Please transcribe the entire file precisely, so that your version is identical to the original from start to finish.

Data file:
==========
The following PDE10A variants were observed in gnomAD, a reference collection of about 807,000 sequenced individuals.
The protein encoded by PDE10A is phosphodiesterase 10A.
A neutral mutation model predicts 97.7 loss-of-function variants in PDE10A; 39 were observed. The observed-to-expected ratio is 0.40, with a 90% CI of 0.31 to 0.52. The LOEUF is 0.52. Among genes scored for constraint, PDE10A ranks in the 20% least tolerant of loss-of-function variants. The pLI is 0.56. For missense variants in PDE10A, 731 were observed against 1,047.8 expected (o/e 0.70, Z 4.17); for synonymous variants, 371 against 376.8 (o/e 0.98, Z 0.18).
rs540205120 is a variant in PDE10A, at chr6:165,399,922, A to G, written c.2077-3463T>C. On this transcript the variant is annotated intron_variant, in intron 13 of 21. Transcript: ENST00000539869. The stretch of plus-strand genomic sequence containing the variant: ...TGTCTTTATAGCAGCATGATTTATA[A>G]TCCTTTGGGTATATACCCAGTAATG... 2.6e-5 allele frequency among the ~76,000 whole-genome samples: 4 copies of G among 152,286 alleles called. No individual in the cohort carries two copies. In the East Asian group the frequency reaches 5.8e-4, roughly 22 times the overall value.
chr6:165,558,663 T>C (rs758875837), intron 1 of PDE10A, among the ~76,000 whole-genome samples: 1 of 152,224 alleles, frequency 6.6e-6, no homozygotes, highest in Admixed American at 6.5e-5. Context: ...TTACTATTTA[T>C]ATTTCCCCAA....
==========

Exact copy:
The following PDE10A variants were observed in gnomAD, a reference collection of about 807,000 sequenced individuals.
The protein encoded by PDE10A is phosphodiesterase 10A.
A neutral mutation model predicts 97.7 loss-of-function variants in PDE10A; 39 were observed. The observed-to-expected ratio is 0.40, with a 90% CI of 0.31 to 0.52. The LOEUF is 0.52. Among genes scored for constraint, PDE10A ranks in the 20% least tolerant of loss-of-function variants. The pLI is 0.56. For missense variants in PDE10A, 731 were observed against 1,047.8 expected (o/e 0.70, Z 4.17); for synonymous variants, 371 against 376.8 (o/e 0.98, Z 0.18).
rs540205120 is a variant in PDE10A, at chr6:165,399,922, A to G, written c.2077-3463T>C. On this transcript the variant is annotated intron_variant, in intron 13 of 21. Transcript: ENST00000539869. The stretch of plus-strand genomic sequence containing the variant: ...TGTCTTTATAGCAGCATGATTTATA[A>G]TCCTTTGGGTATATACCCAGTAATG... 2.6e-5 allele frequency among the ~76,000 whole-genome samples: 4 copies of G among 152,286 alleles called. No individual in the cohort carries two copies. In the East Asian group the frequency reaches 5.8e-4, roughly 22 times the overall value.
chr6:165,558,663 T>C (rs758875837), intron 1 of PDE10A, among the ~76,000 whole-genome samples: 1 of 152,224 alleles, frequency 6.6e-6, no homozygotes, highest in Admixed American at 6.5e-5. Context: ...TTACTATTTA[T>C]ATTTCCCCAA....